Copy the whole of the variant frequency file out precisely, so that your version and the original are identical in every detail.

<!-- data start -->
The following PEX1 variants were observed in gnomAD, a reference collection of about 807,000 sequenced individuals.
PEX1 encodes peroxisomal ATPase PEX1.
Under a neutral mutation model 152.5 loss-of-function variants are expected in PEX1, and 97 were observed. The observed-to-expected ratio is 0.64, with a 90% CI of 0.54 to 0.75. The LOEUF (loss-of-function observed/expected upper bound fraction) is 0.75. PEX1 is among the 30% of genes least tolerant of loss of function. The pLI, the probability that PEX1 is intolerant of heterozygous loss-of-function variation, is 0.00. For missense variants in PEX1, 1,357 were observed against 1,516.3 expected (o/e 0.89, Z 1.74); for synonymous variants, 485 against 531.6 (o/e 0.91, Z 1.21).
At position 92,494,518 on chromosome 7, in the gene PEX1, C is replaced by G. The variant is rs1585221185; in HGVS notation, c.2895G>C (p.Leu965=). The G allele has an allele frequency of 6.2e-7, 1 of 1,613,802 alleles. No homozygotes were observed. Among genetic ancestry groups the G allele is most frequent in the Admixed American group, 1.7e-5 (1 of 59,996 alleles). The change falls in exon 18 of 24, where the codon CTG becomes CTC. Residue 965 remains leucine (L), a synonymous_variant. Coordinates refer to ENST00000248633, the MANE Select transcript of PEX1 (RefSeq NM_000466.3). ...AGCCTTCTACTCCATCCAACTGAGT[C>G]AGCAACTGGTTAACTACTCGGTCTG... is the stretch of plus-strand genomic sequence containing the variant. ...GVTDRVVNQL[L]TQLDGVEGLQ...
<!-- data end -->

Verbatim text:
The following PEX1 variants were observed in gnomAD, a reference collection of about 807,000 sequenced individuals.
PEX1 encodes peroxisomal ATPase PEX1.
Under a neutral mutation model 152.5 loss-of-function variants are expected in PEX1, and 97 were observed. The observed-to-expected ratio is 0.64, with a 90% CI of 0.54 to 0.75. The LOEUF (loss-of-function observed/expected upper bound fraction) is 0.75. PEX1 is among the 30% of genes least tolerant of loss of function. The pLI, the probability that PEX1 is intolerant of heterozygous loss-of-function variation, is 0.00. For missense variants in PEX1, 1,357 were observed against 1,516.3 expected (o/e 0.89, Z 1.74); for synonymous variants, 485 against 531.6 (o/e 0.91, Z 1.21).
At position 92,494,518 on chromosome 7, in the gene PEX1, C is replaced by G. The variant is rs1585221185; in HGVS notation, c.2895G>C (p.Leu965=). The G allele has an allele frequency of 6.2e-7, 1 of 1,613,802 alleles. No homozygotes were observed. Among genetic ancestry groups the G allele is most frequent in the Admixed American group, 1.7e-5 (1 of 59,996 alleles). The change falls in exon 18 of 24, where the codon CTG becomes CTC. Residue 965 remains leucine (L), a synonymous_variant. Coordinates refer to ENST00000248633, the MANE Select transcript of PEX1 (RefSeq NM_000466.3). ...AGCCTTCTACTCCATCCAACTGAGT[C>G]AGCAACTGGTTAACTACTCGGTCTG... is the stretch of plus-strand genomic sequence containing the variant. ...GVTDRVVNQL[L]TQLDGVEGLQ...